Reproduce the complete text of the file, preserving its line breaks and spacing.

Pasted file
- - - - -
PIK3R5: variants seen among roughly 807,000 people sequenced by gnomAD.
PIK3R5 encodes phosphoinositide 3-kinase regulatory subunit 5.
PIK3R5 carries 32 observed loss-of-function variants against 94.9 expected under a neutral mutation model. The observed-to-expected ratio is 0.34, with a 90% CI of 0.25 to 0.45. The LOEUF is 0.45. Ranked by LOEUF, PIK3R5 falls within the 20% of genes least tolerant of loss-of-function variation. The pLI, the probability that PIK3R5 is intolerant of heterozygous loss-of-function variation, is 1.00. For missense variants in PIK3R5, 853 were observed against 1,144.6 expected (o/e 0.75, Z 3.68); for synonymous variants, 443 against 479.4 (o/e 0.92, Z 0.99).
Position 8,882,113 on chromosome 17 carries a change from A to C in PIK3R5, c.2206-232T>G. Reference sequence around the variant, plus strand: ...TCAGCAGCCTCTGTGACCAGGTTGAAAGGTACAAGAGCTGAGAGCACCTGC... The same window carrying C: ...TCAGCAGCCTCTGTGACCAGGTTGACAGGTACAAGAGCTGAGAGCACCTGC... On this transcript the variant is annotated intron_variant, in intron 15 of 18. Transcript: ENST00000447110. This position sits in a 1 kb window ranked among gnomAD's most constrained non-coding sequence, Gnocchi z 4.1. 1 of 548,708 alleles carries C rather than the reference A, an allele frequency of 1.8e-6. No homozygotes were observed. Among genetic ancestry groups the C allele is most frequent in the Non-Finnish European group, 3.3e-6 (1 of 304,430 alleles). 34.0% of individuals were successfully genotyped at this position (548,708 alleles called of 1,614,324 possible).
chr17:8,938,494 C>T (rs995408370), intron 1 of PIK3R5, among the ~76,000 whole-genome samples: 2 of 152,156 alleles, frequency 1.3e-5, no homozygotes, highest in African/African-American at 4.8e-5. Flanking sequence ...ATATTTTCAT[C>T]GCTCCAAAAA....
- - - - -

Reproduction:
PIK3R5: variants seen among roughly 807,000 people sequenced by gnomAD.
PIK3R5 encodes phosphoinositide 3-kinase regulatory subunit 5.
PIK3R5 carries 32 observed loss-of-function variants against 94.9 expected under a neutral mutation model. The observed-to-expected ratio is 0.34, with a 90% CI of 0.25 to 0.45. The LOEUF is 0.45. Ranked by LOEUF, PIK3R5 falls within the 20% of genes least tolerant of loss-of-function variation. The pLI, the probability that PIK3R5 is intolerant of heterozygous loss-of-function variation, is 1.00. For missense variants in PIK3R5, 853 were observed against 1,144.6 expected (o/e 0.75, Z 3.68); for synonymous variants, 443 against 479.4 (o/e 0.92, Z 0.99).
Position 8,882,113 on chromosome 17 carries a change from A to C in PIK3R5, c.2206-232T>G. Reference sequence around the variant, plus strand: ...TCAGCAGCCTCTGTGACCAGGTTGAAAGGTACAAGAGCTGAGAGCACCTGC... The same window carrying C: ...TCAGCAGCCTCTGTGACCAGGTTGACAGGTACAAGAGCTGAGAGCACCTGC... On this transcript the variant is annotated intron_variant, in intron 15 of 18. Transcript: ENST00000447110. This position sits in a 1 kb window ranked among gnomAD's most constrained non-coding sequence, Gnocchi z 4.1. 1 of 548,708 alleles carries C rather than the reference A, an allele frequency of 1.8e-6. No homozygotes were observed. Among genetic ancestry groups the C allele is most frequent in the Non-Finnish European group, 3.3e-6 (1 of 304,430 alleles). 34.0% of individuals were successfully genotyped at this position (548,708 alleles called of 1,614,324 possible).
chr17:8,938,494 C>T (rs995408370), intron 1 of PIK3R5, among the ~76,000 whole-genome samples: 2 of 152,156 alleles, frequency 1.3e-5, no homozygotes, highest in African/African-American at 4.8e-5. Flanking sequence ...ATATTTTCAT[C>T]GCTCCAAAAA....